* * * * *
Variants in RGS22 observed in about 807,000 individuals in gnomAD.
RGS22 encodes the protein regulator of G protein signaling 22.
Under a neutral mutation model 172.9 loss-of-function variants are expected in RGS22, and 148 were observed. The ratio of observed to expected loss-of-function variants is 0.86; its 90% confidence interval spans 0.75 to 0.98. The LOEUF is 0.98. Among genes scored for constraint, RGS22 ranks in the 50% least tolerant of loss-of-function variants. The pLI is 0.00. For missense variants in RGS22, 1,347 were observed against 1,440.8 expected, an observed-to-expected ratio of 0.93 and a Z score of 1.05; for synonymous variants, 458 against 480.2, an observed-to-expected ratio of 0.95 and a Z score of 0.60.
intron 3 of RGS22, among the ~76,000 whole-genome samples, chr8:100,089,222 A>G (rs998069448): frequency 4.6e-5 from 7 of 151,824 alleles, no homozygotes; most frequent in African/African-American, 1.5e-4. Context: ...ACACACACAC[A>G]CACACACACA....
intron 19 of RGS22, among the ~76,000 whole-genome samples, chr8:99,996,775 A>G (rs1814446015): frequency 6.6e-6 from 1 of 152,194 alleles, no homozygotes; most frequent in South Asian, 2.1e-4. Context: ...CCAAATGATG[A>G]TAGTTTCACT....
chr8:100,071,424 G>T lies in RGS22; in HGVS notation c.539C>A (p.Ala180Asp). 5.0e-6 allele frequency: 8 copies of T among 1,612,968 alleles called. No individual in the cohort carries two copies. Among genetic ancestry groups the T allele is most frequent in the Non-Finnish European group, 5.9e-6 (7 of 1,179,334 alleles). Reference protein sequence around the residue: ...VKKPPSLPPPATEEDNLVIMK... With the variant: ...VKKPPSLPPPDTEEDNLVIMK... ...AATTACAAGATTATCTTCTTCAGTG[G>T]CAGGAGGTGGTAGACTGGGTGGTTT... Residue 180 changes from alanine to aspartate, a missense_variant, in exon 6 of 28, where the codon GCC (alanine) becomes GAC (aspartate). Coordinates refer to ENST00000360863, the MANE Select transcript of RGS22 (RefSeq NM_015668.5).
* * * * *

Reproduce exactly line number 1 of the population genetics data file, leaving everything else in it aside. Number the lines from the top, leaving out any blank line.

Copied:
Variants in RGS22 observed in about 807,000 individuals in gnomAD.